On 12 October I went to Monaco to interview a relaxed Chris Froome. It was peak off season: the brief sweet spot between ending racing and resuming training. He’d been for a run the day before and mentioned that his legs were aching. How far did he run? “About 5k.”
We had lunch in a restaurant on the beach, did the interview, and then his wife, Michelle, appeared with their son, Kellan. Froome was transformed into doting father. The conversation turned to where they’d live when eventually he retires. Possibly England, he said.
I had asked the questions I wanted to ask, about the Tour de France, which he’d won a fourth time, and the Vuelta a España, which he’d won for a first. He talked about how hard the latter had been. But he didn’t say – and I didn’t ask – whether he had failed a drugs test on his way to victory.
Had I asked, he would have said no, he hadn’t. And technically he’d have been right. But after stage 18 he did give a urine sample that contained double the permitted dose of salbutamol, the asthma medication that is a controlled rather than a banned substance. When we met, Froome had known about this for three weeks. He knew that he would have to provide an explanation to avoid a doping charge that would leave a terrible stain, if not trash his reputation.
Yet in Monaco in mid-October Froome didn’t seem to have a care in the world. Clearly his ability to compartmentalise is a big part of what makes him so good at what he does.
Last week in southern Spain Froome began his season at the Ruta del Sol, a five-day race which finishes today. He is allowed to race because his case remains in limbo – neither an anti-doping rule violation nor exoneration.
Gazzetta dello Sport reported on Tuesday that the UCI was poised to bring doping charges, giving him 15 days to explain the excess salbutamol, but there has been no confirmation from the world governing body, which, under its new president, David Lappartient, is under intense pressure to deliver the ‘right’ verdict.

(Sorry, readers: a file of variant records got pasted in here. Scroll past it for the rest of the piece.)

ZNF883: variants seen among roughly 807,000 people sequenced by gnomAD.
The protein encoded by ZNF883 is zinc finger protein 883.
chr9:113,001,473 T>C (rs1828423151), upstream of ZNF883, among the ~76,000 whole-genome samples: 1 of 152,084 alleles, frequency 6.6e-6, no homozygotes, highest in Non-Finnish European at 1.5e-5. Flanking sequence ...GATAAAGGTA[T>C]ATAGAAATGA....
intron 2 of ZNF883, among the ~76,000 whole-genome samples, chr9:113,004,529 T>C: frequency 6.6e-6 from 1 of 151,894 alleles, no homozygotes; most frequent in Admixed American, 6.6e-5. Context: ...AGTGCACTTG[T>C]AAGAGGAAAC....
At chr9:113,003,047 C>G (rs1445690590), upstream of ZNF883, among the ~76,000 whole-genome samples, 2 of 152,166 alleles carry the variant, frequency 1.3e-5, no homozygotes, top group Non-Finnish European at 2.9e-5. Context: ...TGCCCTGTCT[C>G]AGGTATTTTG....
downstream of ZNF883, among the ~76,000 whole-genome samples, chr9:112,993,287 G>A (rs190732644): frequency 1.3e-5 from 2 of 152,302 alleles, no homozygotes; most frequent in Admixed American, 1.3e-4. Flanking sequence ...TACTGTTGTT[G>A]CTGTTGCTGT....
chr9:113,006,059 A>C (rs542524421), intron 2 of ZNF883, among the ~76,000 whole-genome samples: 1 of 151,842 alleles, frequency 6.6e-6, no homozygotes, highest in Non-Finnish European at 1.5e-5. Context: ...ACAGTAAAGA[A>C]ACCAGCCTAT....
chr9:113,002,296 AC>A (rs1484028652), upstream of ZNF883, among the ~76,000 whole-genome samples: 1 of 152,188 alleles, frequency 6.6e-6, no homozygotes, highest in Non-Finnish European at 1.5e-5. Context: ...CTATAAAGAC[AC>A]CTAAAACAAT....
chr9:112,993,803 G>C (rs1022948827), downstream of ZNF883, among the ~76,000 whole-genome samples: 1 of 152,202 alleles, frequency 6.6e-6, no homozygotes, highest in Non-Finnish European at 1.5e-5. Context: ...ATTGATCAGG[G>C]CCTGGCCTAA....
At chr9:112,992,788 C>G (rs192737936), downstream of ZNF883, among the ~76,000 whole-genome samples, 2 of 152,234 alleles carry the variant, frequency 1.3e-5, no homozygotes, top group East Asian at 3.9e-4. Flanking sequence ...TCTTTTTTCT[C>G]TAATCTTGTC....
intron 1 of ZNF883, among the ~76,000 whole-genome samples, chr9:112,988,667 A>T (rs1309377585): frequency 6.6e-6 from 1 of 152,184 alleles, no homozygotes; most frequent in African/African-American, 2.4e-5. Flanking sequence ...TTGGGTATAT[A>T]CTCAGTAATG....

But what would that be? Froome insists he broke no rules, that he took the permitted number of puffs on his inhaler and that the test is the result of some anomaly. His problem is that both claims – that he didn’t exceed the permitted dose and that a physiological aberration is to blame – appear very difficult, if not impossible, to prove.
For some, Froome’s adverse analytical finding – to use the official term – was the latest red flag as far as Team Sky is concerned: the cherry on a cake made up of Bradley Wiggins’ therapeutic use exemptions, jiffy bags, medical practices that take them up to the line of what is and isn’t permitted, as well as – the original basis for scepticism – consistent success in the biggest races.
The Froome case is curious. Unlike triamcinolone, the product that Wiggins, pictured, used before the 2012 Tour, which he won, the evidence that salbutamol might be a performance-enhancer – as a stimulant, anabolic agent or even as a masking agent – is sketchy (though the fact it is banned above a certain threshold surely suggests that WADA think it could enhance performance).